KALANDIA CHECKPOINT, West Bank, Dec. 12 (UPI) -- A recently published book describing Israeli soldiers' brutality toward Palestinians has made Israelis react with rage, indignation and shame.
"It's a pity we didn't know about it (then)," a senior army officer said of the author's remorseful account. "He should have been jailed."
The writer is a war criminal that needs psychiatric help, a reserve soldier suggested. However, a human rights activist said, "The picture he presented is by and large very realistic."
The book, "Checkpoint Syndrome," by Liran Ron Furer, describes his unit's behavior near Khan Yunis, in the central Gaza Strip. Furer served there before the second intifada erupted in September 2002, when Israel and the Palestinian Authority were still implementing the Oslo accords, and were conducting joint patrols.
That thaw did not impress most soldiers in his unit, Furer said. They felt Arabs sometimes mocked and deliberately frightened them.
"We gradually realized it is they (the Arabs) who should be afraid," he wrote. "We determine whether they get to work or not.... Someone said the more they fear us, the more order there will be at the roadblock, and over time we realized he was right."
Soldiers sometimes delayed Palestinian drivers for hours to get them to hand over Muslim prayer beads. Then they moved to collect cigarettes. Older Palestinians were submissive, but younger ones rebelled.
The youngsters "didn't hide the fact they hate us, but usually they are the ones who get beaten" he wrote.
In one instance, when Palestinians refused to surrender cigarettes, one soldier slashed their tires and another broke an Arab's hand.
Those soldiers, he wrote referring to the two involved in the incident, "were so f-- up. Within two days, they were flung into jail for a month ... and everybody calmed down."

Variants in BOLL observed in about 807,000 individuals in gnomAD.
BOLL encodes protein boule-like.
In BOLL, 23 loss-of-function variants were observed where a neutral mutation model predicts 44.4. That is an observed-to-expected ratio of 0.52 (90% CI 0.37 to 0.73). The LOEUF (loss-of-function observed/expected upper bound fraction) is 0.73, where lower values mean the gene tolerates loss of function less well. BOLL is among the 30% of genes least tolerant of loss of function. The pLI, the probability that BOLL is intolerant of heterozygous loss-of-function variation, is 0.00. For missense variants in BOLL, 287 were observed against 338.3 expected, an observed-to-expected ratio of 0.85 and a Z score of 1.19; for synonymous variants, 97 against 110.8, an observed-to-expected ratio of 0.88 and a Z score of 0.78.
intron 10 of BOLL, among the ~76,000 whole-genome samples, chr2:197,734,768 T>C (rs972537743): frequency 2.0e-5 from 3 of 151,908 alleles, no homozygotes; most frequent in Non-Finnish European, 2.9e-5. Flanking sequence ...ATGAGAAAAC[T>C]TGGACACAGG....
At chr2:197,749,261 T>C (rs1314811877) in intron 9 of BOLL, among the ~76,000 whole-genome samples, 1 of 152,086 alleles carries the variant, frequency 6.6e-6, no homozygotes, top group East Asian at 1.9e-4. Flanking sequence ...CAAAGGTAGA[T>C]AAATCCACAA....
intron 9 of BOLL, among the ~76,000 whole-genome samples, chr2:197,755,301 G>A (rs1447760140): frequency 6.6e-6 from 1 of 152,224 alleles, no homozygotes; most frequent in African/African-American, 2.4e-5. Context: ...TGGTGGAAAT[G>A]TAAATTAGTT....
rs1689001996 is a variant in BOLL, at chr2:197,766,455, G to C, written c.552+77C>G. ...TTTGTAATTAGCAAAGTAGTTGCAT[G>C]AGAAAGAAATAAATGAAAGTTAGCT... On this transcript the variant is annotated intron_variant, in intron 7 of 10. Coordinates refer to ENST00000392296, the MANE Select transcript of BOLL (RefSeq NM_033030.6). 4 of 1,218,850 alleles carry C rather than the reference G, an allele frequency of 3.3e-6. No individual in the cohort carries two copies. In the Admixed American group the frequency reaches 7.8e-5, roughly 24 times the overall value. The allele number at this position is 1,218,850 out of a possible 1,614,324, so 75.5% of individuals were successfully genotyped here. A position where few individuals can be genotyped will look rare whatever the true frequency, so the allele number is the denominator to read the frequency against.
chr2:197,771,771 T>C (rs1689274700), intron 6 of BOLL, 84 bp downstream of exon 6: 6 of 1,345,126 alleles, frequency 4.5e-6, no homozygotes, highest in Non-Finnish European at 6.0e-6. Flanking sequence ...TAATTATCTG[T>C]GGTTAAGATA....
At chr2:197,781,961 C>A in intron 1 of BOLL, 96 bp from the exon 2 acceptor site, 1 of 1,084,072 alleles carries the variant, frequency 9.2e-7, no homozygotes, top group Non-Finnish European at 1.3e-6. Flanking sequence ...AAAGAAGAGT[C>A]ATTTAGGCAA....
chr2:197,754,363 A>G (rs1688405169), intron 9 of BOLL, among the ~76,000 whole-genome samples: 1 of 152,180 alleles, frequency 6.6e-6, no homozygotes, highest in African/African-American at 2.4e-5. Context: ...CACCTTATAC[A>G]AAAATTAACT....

Palestinians were also made to sing Hebrew songs at checkpoints and soldiers deliberately tossed away identity cards to make Arabs pick them up.
In one incident, Furer describes how a 16-year-old who did not heed a call to halt was beaten up by soldiers.
They raced over in a jeep, searched the Arab and found nothing. Furer then ran over "and with a swing punched him in the face.... He collapsed on the road.... He was bleeding."
The crying boy was handcuffed and blindfolded. He was afraid to walk to the jeep. Soldiers laughed.
"To impress (them), I showed them how I get him nicely into the (back of) the jeep. I kicked him hard in the butt and he flew in like I planned," Furer write.
When the boy cried loudly, soldiers stepped on his back to make him stop.
"Our Arab was just a 16-year-old boy with a mental disability," Furer said.
He told Yediot Aharonot newspaper he had witnessed most of the events described in his book and took part in some. Similar events occurred in other units. The newspaper said two of Furer's comrades confirmed some of the incidents "Checkpoint Syndrome" described.
The Haaretz newspaper and Yediot Aharonot published interviews with Furer, excerpts of his book, and promptly received angry letters.
"What he and his friends did is nothing but a shocking series of war crimes," wrote reserve Sgt. Maj. Roy Liran of Haifa. "My friends and I never did such things."
Sgt. Mordechai Weiss, a paratrooper, suggested Furer seek mental help.
Adi Diechter, a 12th grade pupil from Tel Aviv, wrote saying the forced singing of Hebrew songs reminded her of a movie about the Nazis.
"Are the scenes identical?" she asked.
A parent, Varda Cohen-Silver of Haifa, argued the soldiers were not to blame "for having been turned into monsters, but we, the parents' generation (are guilty. We) let the state ... send them to a place where force reigns, where every b-- is a king, and every young boy becomes an absolute ruler."
Soldiers' misbehavior "is a disaster for us, a disaster for them, and the army (command) is not doing enough about it," Tel Aviv University Psychology Professor Ariel Merari told United Press International.
A Central Command officer who can be identified only as Colonel Uzi, told UPI that as of Jan. 1 every roadblock commander would first go through a 3- to 4-day course, which some soldiers have already been through, in which a Hebrew-speaking representative of the International Committee for the Red Cross addresses them.